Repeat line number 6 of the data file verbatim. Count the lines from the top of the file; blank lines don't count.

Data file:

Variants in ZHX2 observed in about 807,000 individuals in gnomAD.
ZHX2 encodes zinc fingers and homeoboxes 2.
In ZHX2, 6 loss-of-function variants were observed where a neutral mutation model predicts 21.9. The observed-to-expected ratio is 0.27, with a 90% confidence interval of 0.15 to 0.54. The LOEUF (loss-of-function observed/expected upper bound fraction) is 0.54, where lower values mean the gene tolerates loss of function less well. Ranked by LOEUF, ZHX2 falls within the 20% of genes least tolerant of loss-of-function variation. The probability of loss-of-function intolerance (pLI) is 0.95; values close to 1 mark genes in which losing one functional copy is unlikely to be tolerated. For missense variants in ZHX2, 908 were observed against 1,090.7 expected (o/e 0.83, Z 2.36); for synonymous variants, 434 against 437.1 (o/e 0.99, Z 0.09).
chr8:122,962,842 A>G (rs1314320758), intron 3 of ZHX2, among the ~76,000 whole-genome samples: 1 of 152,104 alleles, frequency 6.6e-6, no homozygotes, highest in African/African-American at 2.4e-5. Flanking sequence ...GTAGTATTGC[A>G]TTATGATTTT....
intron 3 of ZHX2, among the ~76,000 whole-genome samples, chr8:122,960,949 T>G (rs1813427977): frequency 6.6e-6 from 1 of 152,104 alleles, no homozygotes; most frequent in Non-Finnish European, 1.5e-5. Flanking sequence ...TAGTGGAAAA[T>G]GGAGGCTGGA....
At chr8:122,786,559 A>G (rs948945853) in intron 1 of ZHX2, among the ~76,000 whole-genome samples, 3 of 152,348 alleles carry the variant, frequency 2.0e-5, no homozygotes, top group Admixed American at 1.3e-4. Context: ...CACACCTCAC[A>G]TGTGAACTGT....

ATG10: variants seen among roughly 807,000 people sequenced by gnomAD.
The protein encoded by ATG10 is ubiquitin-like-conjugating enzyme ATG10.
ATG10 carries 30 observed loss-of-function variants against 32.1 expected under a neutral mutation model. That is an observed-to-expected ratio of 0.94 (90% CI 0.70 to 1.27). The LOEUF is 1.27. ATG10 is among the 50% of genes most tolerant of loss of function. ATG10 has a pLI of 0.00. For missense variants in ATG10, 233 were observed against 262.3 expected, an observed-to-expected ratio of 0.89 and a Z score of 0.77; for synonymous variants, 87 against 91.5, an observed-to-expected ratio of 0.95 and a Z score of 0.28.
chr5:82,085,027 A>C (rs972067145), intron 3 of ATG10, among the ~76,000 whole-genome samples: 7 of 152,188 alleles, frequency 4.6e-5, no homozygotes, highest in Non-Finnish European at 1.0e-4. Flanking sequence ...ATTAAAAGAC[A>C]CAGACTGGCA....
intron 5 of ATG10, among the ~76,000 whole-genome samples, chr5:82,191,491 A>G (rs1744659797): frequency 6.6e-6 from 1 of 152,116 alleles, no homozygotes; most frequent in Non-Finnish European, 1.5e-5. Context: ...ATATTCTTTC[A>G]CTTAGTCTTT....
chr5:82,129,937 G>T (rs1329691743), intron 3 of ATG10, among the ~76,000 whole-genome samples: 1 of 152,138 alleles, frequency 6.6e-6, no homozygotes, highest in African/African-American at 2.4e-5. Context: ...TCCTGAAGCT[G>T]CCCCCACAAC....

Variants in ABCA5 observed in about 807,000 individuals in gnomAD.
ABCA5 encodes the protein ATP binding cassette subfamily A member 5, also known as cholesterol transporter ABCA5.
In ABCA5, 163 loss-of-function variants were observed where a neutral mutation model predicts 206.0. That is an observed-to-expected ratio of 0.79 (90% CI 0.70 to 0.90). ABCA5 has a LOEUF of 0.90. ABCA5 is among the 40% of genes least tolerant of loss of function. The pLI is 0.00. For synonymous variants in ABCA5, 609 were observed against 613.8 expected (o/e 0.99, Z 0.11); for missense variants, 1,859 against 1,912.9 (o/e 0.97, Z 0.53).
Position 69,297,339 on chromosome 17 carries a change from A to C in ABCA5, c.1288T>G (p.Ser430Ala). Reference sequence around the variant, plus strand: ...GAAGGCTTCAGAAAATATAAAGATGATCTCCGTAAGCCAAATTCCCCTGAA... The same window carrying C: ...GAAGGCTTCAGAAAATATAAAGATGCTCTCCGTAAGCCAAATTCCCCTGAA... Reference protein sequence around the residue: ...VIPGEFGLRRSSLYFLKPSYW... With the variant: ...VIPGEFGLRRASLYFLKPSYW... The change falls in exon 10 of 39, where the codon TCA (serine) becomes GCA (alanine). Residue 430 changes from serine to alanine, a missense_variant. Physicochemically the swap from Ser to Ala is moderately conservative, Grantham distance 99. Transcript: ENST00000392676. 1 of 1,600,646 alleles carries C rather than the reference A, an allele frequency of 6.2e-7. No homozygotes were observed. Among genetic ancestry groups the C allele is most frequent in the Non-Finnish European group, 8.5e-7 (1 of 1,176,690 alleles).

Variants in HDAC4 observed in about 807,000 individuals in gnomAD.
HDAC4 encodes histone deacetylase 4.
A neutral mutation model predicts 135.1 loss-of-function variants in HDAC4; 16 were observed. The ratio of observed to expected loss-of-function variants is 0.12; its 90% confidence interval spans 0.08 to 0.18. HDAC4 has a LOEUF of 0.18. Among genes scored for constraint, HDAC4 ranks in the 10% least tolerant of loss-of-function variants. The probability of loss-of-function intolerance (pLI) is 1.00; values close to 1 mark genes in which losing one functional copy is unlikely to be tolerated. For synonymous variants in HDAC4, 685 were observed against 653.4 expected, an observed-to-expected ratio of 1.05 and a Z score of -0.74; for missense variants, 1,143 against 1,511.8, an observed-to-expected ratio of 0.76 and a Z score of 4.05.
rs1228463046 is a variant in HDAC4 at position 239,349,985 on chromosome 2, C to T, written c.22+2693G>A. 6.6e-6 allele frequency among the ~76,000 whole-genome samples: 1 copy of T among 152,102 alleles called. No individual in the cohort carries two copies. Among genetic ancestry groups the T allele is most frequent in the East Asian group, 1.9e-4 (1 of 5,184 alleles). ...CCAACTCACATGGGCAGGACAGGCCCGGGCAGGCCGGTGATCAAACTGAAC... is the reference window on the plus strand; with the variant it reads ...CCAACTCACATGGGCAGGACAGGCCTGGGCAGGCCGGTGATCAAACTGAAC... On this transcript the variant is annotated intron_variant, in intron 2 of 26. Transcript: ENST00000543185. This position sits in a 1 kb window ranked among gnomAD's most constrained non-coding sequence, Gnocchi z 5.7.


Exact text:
At chr8:122,786,559 A>G (rs948945853) in intron 1 of ZHX2, among the ~76,000 whole-genome samples, 3 of 152,348 alleles carry the variant, frequency 2.0e-5, no homozygotes, top group Admixed American at 1.3e-4. Context: ...CACACCTCAC[A>G]TGTGAACTGT....